Violent weather expected amid climate change

Germany can expect significantly more violent weather in the coming years due to climate change, according to a new study from the Institute for Climate Impact Research (PIK) in Potsdam.

Violent weather expected amid climate change
Photo: DPA

According to the report seen by the Frankfurter Rundschau newspaper, severe storms will hit the country every ten years on average, instead of the current average of 50 years.

Storm damage will increase by more than 50 percent by 2100 and heat waves and floods will also increase in severity, according to the study, which was produced in cooperation with universities in Berlin and Cologne.

The report is especially alarming to the insurance industry because of high payouts they may have to make as severe weather increases. That means premiums are likely to rise for insurance customers.

“For a long time, Germans have seen the consequences of climate change only in foreign countries,” the head of the Association of German Insurers (GDV), Rolf-Peter Hoenen told Rundschau. “Those days are over.”

Of particular concern, said PIK researcher Friedrich-Wilhelm Gerstengarbe, are the big floods that will hit the country about two to three times more often in the coming years, he told Frankfurter Rundschau.

“It is no longer acceptable that development is still taking place in flood planes,” he said.

Europe has been hit by repeated bouts of severe weather over the last few years amid fears that global warming was stoking violent storms around the world.

Among the most severe was Kyrill, a 2007 winter storm that killed 47 people across Germany and Europe.

But much of Germany also sweltered under atypically hot temperatures of about 40 degrees Celsius (104 degrees Fahrenheit) for several days last summer.

The Local/mdm

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2022 sees record wildfire destruction in Europe: EU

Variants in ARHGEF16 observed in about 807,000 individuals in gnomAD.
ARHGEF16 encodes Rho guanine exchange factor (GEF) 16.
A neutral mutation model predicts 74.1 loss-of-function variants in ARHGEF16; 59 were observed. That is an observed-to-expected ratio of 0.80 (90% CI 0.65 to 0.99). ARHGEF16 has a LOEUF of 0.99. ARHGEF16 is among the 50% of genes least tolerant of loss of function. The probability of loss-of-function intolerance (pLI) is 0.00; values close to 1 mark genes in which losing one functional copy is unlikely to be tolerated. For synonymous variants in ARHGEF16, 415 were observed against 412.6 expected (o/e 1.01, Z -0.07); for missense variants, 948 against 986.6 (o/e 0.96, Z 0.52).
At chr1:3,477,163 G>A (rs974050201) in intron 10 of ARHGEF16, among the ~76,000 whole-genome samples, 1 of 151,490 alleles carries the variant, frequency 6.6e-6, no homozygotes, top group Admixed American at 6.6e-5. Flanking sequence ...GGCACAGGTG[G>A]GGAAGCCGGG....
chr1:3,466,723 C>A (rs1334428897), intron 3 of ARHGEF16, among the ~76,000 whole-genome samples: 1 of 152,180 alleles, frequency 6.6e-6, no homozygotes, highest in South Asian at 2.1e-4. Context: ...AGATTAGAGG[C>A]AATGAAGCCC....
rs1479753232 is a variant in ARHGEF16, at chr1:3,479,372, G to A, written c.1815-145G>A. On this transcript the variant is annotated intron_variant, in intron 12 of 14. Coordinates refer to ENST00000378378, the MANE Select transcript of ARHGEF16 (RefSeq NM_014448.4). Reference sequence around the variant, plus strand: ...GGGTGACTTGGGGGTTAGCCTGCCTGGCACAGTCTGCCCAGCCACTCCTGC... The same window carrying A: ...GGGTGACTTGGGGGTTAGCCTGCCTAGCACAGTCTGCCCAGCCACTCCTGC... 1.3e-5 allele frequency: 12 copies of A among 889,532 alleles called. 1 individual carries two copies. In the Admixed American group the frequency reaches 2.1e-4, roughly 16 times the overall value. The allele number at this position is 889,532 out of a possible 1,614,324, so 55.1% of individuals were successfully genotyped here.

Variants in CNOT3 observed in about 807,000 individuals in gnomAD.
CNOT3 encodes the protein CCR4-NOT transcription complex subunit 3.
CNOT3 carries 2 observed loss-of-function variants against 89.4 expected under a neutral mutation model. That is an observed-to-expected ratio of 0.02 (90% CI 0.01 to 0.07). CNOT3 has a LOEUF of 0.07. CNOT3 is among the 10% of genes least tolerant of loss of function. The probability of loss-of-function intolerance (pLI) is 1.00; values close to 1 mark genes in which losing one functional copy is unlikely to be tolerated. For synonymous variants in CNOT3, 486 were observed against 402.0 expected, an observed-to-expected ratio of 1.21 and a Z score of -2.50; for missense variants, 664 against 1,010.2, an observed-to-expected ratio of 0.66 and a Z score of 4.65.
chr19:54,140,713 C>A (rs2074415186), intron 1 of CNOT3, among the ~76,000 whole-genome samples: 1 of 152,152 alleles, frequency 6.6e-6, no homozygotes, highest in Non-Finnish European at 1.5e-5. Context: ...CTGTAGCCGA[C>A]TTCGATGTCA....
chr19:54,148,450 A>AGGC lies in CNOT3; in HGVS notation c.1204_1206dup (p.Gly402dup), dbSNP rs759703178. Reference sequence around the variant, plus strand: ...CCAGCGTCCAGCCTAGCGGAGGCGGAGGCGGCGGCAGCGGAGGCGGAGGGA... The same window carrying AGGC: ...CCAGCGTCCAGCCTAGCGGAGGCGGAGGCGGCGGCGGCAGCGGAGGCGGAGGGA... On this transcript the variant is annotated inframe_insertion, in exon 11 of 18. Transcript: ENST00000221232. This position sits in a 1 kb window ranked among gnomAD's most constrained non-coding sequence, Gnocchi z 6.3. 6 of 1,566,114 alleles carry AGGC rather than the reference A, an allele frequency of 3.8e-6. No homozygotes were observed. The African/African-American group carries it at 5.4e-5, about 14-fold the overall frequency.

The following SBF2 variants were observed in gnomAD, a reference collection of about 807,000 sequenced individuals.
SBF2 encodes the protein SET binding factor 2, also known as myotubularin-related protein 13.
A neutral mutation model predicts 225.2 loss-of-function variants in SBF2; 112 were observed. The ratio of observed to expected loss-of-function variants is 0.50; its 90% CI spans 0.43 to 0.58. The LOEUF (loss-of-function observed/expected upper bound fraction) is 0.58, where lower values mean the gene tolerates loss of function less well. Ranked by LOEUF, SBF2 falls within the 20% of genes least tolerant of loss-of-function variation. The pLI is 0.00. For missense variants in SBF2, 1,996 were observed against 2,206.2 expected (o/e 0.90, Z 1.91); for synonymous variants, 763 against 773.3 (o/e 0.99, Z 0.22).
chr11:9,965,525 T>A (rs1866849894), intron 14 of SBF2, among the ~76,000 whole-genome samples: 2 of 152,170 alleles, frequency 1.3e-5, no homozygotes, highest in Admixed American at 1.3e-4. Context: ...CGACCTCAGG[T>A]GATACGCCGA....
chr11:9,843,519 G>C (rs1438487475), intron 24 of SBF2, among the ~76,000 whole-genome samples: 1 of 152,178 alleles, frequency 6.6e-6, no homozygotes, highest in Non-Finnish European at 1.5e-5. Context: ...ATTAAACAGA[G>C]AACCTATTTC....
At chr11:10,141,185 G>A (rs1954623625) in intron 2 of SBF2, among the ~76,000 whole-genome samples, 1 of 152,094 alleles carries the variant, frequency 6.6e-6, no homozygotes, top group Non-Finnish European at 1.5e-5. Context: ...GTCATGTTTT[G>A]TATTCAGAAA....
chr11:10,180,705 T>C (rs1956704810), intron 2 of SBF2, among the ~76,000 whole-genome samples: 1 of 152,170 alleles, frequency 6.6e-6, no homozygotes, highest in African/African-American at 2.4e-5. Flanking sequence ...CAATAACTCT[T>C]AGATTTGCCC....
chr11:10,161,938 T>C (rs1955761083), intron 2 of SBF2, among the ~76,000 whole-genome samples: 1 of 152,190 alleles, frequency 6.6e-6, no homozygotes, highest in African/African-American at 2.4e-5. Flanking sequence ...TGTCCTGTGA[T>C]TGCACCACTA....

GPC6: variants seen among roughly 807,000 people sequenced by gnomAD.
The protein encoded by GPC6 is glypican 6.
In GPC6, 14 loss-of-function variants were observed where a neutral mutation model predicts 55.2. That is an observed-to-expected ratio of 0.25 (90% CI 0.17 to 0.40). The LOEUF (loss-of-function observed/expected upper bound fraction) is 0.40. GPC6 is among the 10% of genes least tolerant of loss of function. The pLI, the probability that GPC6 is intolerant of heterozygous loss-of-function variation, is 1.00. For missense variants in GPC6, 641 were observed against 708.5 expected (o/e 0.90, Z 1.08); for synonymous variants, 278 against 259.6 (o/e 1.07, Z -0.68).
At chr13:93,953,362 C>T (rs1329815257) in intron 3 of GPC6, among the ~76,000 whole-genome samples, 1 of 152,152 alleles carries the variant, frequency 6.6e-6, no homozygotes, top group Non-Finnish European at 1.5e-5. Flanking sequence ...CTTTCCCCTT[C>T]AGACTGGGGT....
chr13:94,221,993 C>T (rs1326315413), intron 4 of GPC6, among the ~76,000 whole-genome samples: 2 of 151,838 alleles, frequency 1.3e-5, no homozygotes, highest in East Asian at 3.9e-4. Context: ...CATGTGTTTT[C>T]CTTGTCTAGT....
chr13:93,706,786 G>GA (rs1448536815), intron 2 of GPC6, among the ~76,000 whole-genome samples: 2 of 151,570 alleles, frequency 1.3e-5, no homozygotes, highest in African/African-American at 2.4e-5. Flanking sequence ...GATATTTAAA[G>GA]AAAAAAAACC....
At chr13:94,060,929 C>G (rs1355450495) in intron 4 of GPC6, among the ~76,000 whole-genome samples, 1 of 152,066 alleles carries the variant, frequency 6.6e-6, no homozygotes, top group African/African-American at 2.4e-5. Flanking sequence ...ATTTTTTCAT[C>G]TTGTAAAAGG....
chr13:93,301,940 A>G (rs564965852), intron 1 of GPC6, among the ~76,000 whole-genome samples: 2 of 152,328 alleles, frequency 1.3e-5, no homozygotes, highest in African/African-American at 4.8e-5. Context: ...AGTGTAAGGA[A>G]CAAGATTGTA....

Europe's blistering summer may not be over yet, but 2022 is already breaking records, with nearly 660,000 hectares ravaged since January, according to the EU's satellite monitoring service.

2022 sees record wildfire destruction in Europe: EU

And while countries on the Mediterranean have normally been the main seats of fires in Europe, this year, other countries are also suffering heavily.

Fires this year have forced people to flee their homes, destroyed buildings and burned forests in EU countries, including Austria, Croatia, France, Greece, Italy, Portugal and Spain.

Some 659,541 hectares (1.6 million acres) have been destroyed so far, data from the European Forest Fire Information System (EFFIS) showed, setting a record at this point in the year since data collection began in 2006.

Europe has suffered a series of heatwaves, forest fires and historic drought that experts say are being driven by human-induced climate change.

They warn more frequent and longer heatwaves are on the way.

The worst-affected country has been Spain, where fire has destroyed 244,924 hectares, according to EFFIS data.

The EFFIS uses satellite data from the EU’s Copernicus Atmosphere Monitoring Service (CAMS).

READ ALSO: EXPLAINED: How the climate crisis is hitting Europe hard

The data comes after CAMS said Friday that 2022 was a record year for wildfire activity in southwestern Europe and warned that a large proportion of western Europe was now in “extreme fire danger”.

“2022 is already a record year, just below 2017,” EFFIS coordinator Jesus San-Miguel said. In 2017, 420,913 hectares had burned by August 13, rising to 988,087 hectares by the end of the year.

“The situation in terms of drought and extremely high temperatures has affected all of Europe this year and the overall situation in the region is worrying, while we are still in the middle of the fire season,” he said.

Since 2010, there had been a trend towards more fires in central and northern Europe, with fires in countries that “normally do not experience fires in their territory”, he added.

“The overall fire season in the EU is really driven mainly by countries in the Mediterranean region, except in years like this one, in which fires also happen in central and northern regions,” he added.